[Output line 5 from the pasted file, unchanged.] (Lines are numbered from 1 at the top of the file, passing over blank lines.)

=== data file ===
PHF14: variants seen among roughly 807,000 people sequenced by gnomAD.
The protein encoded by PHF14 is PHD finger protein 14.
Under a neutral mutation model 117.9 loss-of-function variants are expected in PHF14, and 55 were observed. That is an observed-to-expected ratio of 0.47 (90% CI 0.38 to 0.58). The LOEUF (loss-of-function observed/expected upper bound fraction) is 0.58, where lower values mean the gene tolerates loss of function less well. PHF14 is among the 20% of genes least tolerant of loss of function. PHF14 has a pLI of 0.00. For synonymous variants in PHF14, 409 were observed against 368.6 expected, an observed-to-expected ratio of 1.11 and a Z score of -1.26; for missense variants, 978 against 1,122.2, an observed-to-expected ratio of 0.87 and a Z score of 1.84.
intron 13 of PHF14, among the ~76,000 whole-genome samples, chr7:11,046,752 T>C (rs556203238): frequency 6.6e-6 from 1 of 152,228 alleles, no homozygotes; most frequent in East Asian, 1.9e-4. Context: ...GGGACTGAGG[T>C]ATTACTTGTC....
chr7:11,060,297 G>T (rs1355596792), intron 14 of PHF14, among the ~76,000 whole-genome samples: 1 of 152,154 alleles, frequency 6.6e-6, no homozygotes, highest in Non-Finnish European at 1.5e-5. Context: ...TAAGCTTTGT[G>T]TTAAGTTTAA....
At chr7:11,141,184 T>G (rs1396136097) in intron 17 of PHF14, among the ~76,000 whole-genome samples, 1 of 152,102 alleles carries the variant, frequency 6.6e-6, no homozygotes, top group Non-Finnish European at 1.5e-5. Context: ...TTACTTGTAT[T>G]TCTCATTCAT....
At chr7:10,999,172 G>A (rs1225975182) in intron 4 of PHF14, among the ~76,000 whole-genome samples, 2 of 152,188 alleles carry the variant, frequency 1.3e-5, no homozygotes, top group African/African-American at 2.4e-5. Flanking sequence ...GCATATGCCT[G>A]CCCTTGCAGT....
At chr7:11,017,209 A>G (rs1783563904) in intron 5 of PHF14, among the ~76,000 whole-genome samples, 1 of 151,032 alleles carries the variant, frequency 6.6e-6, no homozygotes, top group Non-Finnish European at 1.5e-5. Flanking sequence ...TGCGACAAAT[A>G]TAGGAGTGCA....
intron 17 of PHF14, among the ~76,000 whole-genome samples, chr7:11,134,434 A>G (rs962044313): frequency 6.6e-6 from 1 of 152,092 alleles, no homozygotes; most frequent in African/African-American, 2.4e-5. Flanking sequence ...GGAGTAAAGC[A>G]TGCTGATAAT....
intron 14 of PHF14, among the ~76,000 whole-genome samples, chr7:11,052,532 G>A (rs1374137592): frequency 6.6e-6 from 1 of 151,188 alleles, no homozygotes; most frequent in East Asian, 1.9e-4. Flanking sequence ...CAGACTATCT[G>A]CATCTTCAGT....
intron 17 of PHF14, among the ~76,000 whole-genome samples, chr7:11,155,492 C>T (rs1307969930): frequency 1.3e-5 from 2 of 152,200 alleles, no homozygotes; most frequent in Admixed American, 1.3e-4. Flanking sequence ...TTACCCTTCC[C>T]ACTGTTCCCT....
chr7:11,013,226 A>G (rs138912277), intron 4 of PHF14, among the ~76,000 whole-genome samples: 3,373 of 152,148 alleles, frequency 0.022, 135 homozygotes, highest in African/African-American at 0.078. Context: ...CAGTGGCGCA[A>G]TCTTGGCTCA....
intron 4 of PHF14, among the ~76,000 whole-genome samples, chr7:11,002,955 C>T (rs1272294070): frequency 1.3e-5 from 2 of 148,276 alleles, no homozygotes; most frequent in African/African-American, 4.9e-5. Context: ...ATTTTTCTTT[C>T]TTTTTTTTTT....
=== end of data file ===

chr7:11,060,297 G>T (rs1355596792), intron 14 of PHF14, among the ~76,000 whole-genome samples: 1 of 152,154 alleles, frequency 6.6e-6, no homozygotes, highest in Non-Finnish European at 1.5e-5. Context: ...TAAGCTTTGT[G>T]TTAAGTTTAA....